2009, F60, Raikkonen - Ferrari in Miniatures

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2009, F60, Raikkonen (Hot Wheels, diecast)

2009, F60, Raikkonen

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2009, F60, Raikkonen

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2009, F60, Raikkonen

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2009, F60, Raikkonen

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2009, F60, Raikkonen

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2009, F60, Raikkonen

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2009, F60, Raikkonen

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2009, F60, Raikkonen

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2009, F60, Raikkonen

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The F60 is the fifty-fifth single-seater built by Ferrari specifically to compete in the Formula 1 world Championship. The name of the car was chosen to celebrate the Scuderia’s participation in all 60 editions of the Formula 1 World Championship since 1950 to date.
The project, which goes by the internal code name of 660, represents the Scuderia’s interpretation of the regulations that come into force this year, which include very many new elements. As far as the aerodynamics are concerned, these modifications are the result of work carried out by the OWG (Overtaking Working Group) set up by the FIA in collaboration with the teams to produce a set of rules aimed at encouraging more overtaking on the track: the front wing, which has a neutral central profile, common to all, is developed mainly on its side elements and is much wider than in the past; the bodywork can no longer carry slotted apertures that had characterized the Ferrari cars over the past few years. Other aerodynamic devices are also significantly reduced; the rear wing is higher and narrower than in the past; the diffuser has been moved rearward. The combination of changes naturally led the initial design phase down radically different routes when it came to the side pods and protection component: the apertures have been reduced in size and moved rearward, while the upper and rear elements are larger to aid the exit of air.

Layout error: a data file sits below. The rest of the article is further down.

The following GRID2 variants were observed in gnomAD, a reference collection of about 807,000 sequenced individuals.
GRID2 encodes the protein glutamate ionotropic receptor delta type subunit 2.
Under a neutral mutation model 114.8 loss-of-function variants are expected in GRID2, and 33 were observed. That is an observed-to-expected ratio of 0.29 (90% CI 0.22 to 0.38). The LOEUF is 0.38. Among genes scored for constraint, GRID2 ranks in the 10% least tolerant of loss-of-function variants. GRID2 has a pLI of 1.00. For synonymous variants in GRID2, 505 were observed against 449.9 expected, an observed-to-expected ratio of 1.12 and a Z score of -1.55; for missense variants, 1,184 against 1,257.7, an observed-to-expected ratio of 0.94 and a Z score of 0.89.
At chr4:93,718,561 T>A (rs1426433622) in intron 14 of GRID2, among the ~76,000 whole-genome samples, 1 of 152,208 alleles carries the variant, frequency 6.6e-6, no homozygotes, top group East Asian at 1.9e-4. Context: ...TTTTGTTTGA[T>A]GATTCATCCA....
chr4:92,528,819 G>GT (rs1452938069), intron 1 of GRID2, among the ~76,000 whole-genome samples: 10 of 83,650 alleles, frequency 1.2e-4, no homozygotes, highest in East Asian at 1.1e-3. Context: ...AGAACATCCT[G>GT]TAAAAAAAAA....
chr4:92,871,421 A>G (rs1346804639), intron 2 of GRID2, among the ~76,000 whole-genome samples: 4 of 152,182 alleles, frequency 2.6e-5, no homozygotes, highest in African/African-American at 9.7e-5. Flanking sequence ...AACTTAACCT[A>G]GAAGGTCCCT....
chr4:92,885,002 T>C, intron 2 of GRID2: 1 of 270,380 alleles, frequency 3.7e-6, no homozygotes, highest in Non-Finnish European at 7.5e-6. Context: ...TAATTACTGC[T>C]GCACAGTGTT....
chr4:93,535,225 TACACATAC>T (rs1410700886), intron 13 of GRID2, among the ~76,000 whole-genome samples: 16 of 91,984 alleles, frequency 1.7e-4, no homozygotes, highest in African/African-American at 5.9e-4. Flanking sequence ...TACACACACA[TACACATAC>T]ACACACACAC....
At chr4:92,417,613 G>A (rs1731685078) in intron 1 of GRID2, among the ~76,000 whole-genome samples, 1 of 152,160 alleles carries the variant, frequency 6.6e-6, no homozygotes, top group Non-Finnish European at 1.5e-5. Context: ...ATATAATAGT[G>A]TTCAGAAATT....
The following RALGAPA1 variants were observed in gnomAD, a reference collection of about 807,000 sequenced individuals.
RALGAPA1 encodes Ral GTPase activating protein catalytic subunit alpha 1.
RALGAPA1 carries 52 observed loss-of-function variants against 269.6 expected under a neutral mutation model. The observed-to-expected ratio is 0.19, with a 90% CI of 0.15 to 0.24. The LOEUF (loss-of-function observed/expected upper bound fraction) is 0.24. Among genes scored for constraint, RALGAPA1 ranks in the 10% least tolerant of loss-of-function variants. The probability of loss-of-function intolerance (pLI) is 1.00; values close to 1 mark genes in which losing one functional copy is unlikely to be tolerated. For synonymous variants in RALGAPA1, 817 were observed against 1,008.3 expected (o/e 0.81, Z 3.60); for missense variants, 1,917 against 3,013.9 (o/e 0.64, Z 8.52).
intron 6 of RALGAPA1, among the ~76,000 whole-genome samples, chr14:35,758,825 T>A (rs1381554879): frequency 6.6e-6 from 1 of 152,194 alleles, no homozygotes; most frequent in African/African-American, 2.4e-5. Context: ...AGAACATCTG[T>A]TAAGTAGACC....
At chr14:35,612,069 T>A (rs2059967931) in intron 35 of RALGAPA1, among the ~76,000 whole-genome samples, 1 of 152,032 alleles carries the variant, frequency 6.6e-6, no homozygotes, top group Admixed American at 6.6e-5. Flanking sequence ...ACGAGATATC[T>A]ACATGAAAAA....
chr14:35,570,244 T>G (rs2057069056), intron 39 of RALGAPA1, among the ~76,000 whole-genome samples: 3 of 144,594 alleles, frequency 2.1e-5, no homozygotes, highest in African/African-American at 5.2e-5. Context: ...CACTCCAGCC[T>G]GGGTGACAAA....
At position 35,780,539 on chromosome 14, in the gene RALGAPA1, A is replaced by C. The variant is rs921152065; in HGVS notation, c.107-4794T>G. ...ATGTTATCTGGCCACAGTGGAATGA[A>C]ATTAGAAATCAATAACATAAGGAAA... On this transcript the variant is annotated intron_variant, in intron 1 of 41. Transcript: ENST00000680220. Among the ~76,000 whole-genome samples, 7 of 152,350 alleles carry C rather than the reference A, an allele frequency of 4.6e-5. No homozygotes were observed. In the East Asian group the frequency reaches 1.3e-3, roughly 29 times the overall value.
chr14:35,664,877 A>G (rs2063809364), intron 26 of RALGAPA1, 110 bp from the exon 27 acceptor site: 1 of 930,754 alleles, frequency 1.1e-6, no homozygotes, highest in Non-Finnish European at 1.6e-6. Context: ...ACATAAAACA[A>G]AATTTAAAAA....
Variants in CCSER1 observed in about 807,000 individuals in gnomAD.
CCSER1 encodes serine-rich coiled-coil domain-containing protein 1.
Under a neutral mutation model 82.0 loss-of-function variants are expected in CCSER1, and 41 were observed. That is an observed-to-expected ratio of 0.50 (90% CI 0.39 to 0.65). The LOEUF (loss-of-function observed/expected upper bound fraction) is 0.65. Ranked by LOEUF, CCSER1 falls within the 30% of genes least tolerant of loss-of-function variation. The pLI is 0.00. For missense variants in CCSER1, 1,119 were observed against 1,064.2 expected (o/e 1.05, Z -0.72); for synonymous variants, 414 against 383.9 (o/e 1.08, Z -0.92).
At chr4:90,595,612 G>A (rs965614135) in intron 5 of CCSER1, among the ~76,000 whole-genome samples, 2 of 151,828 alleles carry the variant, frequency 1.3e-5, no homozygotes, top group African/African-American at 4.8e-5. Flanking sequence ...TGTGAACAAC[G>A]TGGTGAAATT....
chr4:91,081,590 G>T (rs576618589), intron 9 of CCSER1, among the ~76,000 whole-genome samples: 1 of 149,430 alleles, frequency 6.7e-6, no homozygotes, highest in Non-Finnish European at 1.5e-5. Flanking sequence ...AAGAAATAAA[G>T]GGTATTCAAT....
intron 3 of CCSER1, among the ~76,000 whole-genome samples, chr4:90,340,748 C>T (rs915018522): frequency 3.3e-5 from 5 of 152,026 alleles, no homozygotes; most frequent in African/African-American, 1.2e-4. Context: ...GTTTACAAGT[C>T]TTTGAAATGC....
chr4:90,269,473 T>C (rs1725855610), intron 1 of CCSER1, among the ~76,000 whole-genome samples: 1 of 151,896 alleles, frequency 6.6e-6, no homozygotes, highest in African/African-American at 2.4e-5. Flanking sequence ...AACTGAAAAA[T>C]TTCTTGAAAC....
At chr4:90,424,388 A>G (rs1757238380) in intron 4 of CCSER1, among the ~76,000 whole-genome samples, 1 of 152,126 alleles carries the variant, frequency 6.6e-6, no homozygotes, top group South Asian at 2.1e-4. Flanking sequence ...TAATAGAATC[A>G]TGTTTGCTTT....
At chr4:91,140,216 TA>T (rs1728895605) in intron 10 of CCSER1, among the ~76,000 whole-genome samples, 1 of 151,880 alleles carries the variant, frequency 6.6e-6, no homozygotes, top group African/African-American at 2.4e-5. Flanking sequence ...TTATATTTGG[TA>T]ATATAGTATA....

The new rules regarding aerodynamics have also led to modifications to the suspension, as these elements can no longer be enclosed to the same extent. The suspension system and the whole layout of the car have been redesigned in the light of the new rules in order to achieve the correct weight distribution. The design also takes into account two other significant changes in the 2009 regulations: the possibility of using a kinetic energy recovery system (KERS) and the reintroduction of slick tyres. The KERS on the F60 was designed by Ferrari in collaboration with Magneti Marelli and is centrally mounted on the engine under the rear part of the chassis; its management has involved all departments of the Gestione Sportiva. The return to the tyres with no grooves is another element which is down to the work of the OWG, as is the introduction of the flap on the front wing that can be adjusted by the driver when the car is moving.
The software for managing this tool, as well as for the KERS, was designed at Maranello. The transmission has been redesigned to optimize the aerodynamic efficiency of the car. The gearbox casing is again made in carbon and is still positioned longitudinally. The gearbox is fitted with a speed shifter. There is also a new braking system, with callipers designed by Brembo. Other important rule changes for this year stem from the work of FIA and FOTA (Formula One Teams Association) aimed at producing a significant reduction in the teams’ operational costs.
As far as the engine is concerned, which retains its longitudinal mounting in the F60 and continues as a load bearing structure, the rules now state that a total of eight engines may be used over the 17 Grands Prix race weekends on the calendar. Accordingly, the maximum permitted engine speed has been reduced to 18,000 rpm and the distance target for each unit is now around 2,500 kilometres. Furthermore, modifications have been made to the inlet trumpets, the position of the injectors and the configuration of the exhausts.
The changes to the regulations mean that, on the reliability front, Shell has played a fundamental role in defining the lubricants for both the engine and the gearbox. As usual, the technical partners have played an important part right from the design and development stage of the entire car. Apart from the forementioned Shell, a significant contribution has been made by the FIAT Research Centre, especially in the use of its simulation systems and by Brembo, in the development of the braking system. As usual, great attention has been paid to the management and optimization of the material used, at the design stage and through quality control, aimed at maximizing performance while maintaining the highest possible levels of safety.
formula1.ferrari.com

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VR65 Private Collection
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